Range of Divorce Mediation Results

The following examples of mediation results are intended to demonstrate one point: Cooperation is the number one prerequisite for successful mediation.

William saw me because his wife Brenda "wasn’t following the temporary mediation agreement." Mediation had started three months earlier, without attorneys. William had moved out and was paying the amount agreed upon in mediation. Brenda was using their joint charge accounts and borrowing money. She kept asking for, and getting, more money from William for household expenses not listed in mediation. William went along because he wanted to avoid a courtroom battle.

William’s immediate concern, however, was that he needed Brenda to release funds in both their names to pay their taxes. She refused to sign on their joint, two-signature account voluntarily. We got a court order releasing the funds, and I didn’t see William for another two months.

It was now six months since separation. William had used all his money from business and existing bank accounts to pay the bills according to their agreement. Brenda had run up massive charges on their joint accounts. She failed to use money William gave her each month to pay the mortgage, electricity, water, trash, cable and gas bills for their home. Brenda now said there wasn’t any agreement because she never signed anything and hadn’t had an attorney to represent her. William kept trying to make mediation work until Brenda invited her new boyfriend to live in the family residence for which William had to pay all the bills.

William was mad. Brenda thought this was great. William had been giving her fun money, and she expected him to pay all the bills because she didn’t work. As a result of Brenda’s unrealistic expectations and William’s anger, their court case was particularly bitter and expensive. They couldn’t agree on a thing; literally, not one thing.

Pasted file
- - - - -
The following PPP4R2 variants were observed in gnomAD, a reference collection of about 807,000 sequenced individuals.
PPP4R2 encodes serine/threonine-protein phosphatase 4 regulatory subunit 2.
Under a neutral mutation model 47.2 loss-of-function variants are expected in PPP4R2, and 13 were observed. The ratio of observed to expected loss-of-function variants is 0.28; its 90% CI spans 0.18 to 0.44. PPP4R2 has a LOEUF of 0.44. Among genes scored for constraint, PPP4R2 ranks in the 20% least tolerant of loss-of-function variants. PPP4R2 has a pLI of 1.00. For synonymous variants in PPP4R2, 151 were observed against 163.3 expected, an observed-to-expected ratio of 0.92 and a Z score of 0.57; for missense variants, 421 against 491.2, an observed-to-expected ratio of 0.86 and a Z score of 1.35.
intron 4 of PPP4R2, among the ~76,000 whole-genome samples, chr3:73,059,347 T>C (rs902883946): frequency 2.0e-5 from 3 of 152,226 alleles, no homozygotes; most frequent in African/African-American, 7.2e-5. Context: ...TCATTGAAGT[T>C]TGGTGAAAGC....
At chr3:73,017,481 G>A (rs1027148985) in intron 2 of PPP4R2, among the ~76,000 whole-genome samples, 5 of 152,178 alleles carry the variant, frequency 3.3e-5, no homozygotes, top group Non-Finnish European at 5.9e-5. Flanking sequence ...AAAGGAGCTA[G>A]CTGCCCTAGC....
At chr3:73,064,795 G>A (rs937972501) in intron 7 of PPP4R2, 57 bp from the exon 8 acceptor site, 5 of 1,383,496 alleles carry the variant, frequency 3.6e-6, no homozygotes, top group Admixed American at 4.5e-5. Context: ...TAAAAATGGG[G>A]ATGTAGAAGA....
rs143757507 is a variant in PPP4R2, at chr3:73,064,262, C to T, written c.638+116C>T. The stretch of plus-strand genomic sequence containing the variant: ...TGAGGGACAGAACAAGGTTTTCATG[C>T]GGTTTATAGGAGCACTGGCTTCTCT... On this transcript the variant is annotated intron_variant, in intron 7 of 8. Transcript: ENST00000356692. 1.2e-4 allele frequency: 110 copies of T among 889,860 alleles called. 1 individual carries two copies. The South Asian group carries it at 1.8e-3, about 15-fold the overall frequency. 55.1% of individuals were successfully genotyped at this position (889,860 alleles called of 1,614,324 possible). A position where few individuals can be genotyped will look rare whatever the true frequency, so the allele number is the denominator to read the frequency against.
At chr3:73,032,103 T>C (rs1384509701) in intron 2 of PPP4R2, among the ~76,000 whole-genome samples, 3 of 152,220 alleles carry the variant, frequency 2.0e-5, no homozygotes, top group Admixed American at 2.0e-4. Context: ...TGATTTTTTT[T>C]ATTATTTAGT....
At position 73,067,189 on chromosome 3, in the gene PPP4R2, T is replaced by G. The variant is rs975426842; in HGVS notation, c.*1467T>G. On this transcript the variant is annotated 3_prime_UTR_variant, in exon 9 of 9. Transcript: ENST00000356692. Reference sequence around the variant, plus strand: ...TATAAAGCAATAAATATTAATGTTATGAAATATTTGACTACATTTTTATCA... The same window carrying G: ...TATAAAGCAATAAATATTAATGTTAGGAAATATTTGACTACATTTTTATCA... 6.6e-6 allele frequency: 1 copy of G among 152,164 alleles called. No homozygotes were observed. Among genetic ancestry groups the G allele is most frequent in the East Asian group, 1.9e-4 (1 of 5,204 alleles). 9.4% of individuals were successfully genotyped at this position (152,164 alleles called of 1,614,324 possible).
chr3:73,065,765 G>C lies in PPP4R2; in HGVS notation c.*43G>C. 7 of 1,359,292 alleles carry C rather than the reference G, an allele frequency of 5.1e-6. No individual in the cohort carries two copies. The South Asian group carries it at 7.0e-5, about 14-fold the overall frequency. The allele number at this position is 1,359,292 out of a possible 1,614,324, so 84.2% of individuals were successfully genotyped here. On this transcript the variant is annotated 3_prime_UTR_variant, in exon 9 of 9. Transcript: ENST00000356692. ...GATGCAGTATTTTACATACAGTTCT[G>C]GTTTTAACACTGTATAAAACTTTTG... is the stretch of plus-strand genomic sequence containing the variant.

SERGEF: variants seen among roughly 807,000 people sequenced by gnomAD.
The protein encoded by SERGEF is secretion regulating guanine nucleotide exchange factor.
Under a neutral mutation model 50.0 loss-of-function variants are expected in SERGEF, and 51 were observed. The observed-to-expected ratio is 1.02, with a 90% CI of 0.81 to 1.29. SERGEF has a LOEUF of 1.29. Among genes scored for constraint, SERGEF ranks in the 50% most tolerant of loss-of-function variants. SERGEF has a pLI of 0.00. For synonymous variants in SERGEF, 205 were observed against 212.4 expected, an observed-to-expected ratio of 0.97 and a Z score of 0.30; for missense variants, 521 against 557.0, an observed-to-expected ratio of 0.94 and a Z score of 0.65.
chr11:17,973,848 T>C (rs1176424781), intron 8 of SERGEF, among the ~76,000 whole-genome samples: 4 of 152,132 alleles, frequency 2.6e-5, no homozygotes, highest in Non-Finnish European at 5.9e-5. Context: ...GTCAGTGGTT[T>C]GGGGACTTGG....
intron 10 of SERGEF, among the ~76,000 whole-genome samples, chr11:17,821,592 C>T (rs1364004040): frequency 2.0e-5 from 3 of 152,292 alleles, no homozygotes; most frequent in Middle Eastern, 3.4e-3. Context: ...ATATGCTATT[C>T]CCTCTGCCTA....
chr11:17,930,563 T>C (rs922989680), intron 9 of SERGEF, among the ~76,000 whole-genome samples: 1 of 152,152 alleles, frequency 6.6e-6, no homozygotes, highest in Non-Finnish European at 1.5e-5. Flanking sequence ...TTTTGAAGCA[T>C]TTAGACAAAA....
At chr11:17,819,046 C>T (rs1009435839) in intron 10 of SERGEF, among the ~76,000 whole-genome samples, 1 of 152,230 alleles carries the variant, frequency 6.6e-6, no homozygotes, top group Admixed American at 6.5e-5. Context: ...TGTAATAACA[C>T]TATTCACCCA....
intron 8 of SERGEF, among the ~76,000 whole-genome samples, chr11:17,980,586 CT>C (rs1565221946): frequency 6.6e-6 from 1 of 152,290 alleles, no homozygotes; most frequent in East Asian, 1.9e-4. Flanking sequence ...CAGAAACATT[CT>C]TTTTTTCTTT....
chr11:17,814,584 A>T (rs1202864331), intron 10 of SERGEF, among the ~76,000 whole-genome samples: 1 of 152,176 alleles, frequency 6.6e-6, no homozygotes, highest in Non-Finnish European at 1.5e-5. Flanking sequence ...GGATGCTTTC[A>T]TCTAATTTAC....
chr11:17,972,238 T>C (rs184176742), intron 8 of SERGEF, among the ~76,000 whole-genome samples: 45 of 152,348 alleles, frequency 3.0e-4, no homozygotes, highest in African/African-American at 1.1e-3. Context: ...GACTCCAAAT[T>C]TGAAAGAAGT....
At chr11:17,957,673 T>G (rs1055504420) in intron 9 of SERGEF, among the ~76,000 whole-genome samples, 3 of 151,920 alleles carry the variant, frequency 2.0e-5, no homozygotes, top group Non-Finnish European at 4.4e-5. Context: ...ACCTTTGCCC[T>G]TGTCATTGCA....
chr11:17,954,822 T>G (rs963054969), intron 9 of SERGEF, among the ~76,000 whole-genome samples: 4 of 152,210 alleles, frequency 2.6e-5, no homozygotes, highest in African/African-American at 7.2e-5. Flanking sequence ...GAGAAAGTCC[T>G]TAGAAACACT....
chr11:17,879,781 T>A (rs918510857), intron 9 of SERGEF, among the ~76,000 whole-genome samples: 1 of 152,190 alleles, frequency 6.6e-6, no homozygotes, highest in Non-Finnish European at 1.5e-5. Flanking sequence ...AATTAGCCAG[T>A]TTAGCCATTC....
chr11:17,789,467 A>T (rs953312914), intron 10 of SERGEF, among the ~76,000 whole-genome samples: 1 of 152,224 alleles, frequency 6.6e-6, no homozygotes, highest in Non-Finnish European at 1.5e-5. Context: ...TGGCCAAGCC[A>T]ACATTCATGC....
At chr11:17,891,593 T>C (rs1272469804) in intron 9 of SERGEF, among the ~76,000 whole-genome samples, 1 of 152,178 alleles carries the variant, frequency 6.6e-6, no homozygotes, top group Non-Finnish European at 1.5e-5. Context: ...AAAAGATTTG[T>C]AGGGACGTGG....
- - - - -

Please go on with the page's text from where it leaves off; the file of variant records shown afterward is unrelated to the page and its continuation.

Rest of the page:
Court orders had to be obtained and served to solve the most minor of problems. Even the removal of personal items from the house had to be supervised. Litigation expenses were probably twice what they would have been if they had gone to attorneys first, assuming they would have had a hard time agreeing on anything. It cost William a lot more than it should have, even though many of the dollars he paid under the agreement were reimbursed to him out of the community pot.

Now, let’s look at the other extreme. Christine had separate property from her inheritance worth many millions of dollars. She and Vaughan, much younger, had been married about three years. Christine’s New York attorney had prepared a premarital agreement spelling out what Vaughan would get if there were a divorce. Christine hired a local attorney, Vaughan agreed to mediation and a proposed settlement agreement was drawn up. Vaughan was referred to me to review the agreement.

The spousal support provision in the premarital agreement was enforceable under New York law. Vaughan accepted his support settlement, a new Mercedes, and drove off with a smile on his face. Christine saved incalculable legal expenses using both a premarital agreement and mediation.